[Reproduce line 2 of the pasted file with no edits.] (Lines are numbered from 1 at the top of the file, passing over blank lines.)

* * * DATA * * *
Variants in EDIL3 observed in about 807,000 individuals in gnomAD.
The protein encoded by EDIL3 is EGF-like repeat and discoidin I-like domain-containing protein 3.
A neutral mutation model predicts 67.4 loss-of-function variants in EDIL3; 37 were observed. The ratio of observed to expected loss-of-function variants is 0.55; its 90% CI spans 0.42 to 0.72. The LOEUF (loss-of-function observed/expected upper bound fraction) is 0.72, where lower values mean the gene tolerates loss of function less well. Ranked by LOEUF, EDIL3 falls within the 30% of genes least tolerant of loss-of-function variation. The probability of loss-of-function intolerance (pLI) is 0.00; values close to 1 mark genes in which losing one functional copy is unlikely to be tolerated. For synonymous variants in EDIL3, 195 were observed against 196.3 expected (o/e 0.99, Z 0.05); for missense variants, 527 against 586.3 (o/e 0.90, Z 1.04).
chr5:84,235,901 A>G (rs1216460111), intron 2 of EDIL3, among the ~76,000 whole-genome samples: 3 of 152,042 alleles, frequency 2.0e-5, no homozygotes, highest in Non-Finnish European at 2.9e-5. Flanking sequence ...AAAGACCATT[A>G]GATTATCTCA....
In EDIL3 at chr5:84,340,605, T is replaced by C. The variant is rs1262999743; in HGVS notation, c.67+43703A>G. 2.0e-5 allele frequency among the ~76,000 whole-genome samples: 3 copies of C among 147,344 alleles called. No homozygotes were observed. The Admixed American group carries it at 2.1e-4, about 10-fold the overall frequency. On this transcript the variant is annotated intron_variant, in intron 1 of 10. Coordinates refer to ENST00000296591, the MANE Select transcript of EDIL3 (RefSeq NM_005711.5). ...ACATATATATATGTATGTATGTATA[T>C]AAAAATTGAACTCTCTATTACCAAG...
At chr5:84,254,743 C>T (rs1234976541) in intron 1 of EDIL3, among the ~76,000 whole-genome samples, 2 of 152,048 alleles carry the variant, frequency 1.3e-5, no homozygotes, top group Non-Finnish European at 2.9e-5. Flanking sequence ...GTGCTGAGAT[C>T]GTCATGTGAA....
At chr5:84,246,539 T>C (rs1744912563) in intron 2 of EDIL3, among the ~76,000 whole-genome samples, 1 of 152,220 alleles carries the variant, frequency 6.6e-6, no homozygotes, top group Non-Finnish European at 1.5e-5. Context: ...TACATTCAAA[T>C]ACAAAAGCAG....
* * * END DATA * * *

The protein encoded by EDIL3 is EGF-like repeat and discoidin I-like domain-containing protein 3.